Some factors that indicate a product or organisation is peaking

Some organisations become a victim of their own success and size. As their success grows, so does the size of the organisation, and the thinking evolves from innovation to protecting the successful product, services, etc. The organisations become, at best, maintainers rather than innovators.This is more obvious in industries with rapidly changing technology. Some examples include the watch industry in Switzerland not taking up the digital technology, IBM and Dell in computers, Yahoo as a search engine, smart phones with Nokia, Zynga in mobile games, etc. Are Microsoft, Apple, Facebook & Google next?

For example, Dell initially disrupted the PC industry when it introduced build-to-order and direct online sales; over the years it became the industry leader. But the industry landscape changed, eg mobile phones becoming minicomputers, etc and they remained stuck within a commoditised PC market.

One firm that has used digital technology to change the way it does business is Disney, ie its clients are no longer BBC or RTZ but iTunes, Google, PlayStation and Microsoft. There was a proliferation of channels/platforms/devices, etc wanting to deliver Disney's content and this put Disney in a position of power. The new technologies opened up commercial opportunities and new revenue streams, eg

"...you could look at the way in which programs were sold; they could be sold to one person for one platform for one experience and later to somebody else for a different experience......Disney was the first company to put long form episodes on the iPod......technology defines how content is created, how it is distributed and how it is consumed...... if you have a platform that can't respond to the sort of digital expectations of the consumer, you are in trouble..."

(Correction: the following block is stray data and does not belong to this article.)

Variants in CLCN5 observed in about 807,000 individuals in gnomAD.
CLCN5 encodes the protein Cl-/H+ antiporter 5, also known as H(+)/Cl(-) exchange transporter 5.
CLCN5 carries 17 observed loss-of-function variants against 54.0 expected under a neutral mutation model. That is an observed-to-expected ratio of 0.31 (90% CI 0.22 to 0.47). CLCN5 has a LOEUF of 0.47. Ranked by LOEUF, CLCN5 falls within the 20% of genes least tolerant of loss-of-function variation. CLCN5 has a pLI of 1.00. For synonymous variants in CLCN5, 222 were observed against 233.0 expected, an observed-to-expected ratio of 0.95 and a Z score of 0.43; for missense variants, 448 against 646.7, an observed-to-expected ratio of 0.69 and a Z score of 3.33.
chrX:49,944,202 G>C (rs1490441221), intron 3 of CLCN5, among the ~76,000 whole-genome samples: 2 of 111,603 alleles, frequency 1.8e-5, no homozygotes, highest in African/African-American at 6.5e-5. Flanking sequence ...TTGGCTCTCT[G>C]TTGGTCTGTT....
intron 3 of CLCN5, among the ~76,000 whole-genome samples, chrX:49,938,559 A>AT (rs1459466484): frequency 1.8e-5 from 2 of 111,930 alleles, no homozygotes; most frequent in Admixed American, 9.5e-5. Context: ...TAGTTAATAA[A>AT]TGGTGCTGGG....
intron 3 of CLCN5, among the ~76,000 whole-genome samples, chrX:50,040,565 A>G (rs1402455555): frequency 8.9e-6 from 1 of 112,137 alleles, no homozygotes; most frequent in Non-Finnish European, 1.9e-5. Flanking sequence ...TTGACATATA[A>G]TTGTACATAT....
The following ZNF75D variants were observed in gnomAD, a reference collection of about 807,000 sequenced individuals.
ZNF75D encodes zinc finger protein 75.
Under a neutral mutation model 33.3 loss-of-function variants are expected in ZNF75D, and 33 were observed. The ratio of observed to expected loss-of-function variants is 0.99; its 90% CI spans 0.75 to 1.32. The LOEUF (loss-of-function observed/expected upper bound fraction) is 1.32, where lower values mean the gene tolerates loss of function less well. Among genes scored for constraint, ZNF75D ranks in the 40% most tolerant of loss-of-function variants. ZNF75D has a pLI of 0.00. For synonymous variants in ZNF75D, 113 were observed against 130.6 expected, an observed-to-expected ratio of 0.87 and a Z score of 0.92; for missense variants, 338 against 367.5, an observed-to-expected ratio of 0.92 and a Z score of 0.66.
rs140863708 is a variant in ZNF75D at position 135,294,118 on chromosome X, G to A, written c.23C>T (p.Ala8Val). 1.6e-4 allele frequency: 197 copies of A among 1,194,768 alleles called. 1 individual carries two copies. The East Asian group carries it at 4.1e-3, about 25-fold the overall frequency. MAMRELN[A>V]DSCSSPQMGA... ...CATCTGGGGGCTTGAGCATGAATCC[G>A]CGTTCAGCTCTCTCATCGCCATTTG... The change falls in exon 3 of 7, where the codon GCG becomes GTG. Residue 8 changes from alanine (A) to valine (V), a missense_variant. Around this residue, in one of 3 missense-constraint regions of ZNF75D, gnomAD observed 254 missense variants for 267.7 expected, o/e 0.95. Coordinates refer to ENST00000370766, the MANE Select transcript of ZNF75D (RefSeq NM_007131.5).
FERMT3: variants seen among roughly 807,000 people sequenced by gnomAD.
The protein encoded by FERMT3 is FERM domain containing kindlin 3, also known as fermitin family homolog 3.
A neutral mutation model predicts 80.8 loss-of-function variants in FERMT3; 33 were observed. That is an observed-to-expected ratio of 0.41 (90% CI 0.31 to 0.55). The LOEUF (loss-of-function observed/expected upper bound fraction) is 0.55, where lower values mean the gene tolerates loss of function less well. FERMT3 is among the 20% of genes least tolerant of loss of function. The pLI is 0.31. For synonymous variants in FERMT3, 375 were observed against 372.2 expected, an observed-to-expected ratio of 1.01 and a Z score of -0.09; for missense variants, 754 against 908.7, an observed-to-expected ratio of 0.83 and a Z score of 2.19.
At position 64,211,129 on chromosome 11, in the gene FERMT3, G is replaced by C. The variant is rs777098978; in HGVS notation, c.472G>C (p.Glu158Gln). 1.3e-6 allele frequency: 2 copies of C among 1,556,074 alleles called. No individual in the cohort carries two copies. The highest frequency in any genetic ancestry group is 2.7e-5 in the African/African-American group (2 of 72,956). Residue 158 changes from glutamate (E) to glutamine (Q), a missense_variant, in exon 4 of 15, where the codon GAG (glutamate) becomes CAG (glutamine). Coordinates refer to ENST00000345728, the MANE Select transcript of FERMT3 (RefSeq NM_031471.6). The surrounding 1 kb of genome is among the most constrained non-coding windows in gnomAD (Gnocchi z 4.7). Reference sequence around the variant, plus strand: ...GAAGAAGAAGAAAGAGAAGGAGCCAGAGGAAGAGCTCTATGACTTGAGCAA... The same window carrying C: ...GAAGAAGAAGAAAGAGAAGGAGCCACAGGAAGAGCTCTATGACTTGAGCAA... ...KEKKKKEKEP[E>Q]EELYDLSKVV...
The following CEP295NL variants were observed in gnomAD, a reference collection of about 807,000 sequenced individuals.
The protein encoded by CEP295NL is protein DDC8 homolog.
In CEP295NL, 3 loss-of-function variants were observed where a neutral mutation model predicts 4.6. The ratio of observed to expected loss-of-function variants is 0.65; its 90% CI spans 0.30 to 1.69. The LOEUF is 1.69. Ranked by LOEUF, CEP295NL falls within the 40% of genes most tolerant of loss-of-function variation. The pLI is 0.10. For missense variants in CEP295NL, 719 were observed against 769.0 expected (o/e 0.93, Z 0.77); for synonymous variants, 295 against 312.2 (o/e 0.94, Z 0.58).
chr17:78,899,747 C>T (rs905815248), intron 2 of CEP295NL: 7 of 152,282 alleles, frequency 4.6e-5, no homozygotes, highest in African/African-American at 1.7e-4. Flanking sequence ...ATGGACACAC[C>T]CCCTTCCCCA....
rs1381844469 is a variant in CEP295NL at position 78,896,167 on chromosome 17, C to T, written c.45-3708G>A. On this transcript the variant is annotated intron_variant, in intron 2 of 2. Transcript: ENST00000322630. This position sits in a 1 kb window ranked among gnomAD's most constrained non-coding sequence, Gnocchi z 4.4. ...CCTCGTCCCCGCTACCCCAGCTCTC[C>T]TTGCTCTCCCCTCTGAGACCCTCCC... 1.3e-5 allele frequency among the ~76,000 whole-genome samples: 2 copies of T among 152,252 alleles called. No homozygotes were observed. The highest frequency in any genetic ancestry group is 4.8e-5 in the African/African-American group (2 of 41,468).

Catherine Powell as quoted by Joanne Gray, 2016a

It is about connecting all the lines of Disney's business that go under the one brand like stage shows, retail and licensing products, release of films, programming and distributing TV channels, theme parks, etc

NB

"...The essence of innovation is also obsolescence..."

Allan Gray as quoted by Vesna Poljak, 2013

In addition to becoming maintainers rather than innovators, other indicators of being victims of their own success and size are increase focus on

incremental improvement of current products rather than creative destruction or disruption, eg making cosmetic changes like colour/size of product, rather than technological

bureaucracy, ie less flexible with more hierarchical, process-focussed, rules & regulations orientated, etc

silo performance, ie organisation becomes more specialised, segmented, departmentalised, etc with focus on groups rather than whole organisation's performance

abuse of market power to protect the status quo, eg monopolistic activities, anti-trust charges, etc, Some examples include

i) Microsoft has paid US $3.4 b. in fines to European courts over a decade

ii) Intel is appealing its anti-trust case that started around 2000

iii) Google is fighting the EU anti-trust regulator's claim it has illegally abused its market dominance (2015)

buying competitor or products/services/staff, etc from other innovative, successful organisations for market share, revenue, etc rather than innovating themselves like Apple's iTune buying Beats to keep its position in music industry and Microsoft buying Nokia to get into the mobile phone business, etc

Some other factors that indicate that a product or organisation is peaking, ie at the top of the S-curve, include

become more complacent, ie satisfied with the status quo

- one or more players dominate the industry or market
 and do not see the need to change

- there are significant staff layoffs 

start selling assets, especially core 

written up as a successful product/organisation, ie the success "goes to their heads" and they think they are invincible 

Remember:

"...Even something that has had a long term success, it's only a knife edge away from failure..."

Steven Lowry as quoted by Jemima Whyte, 2015

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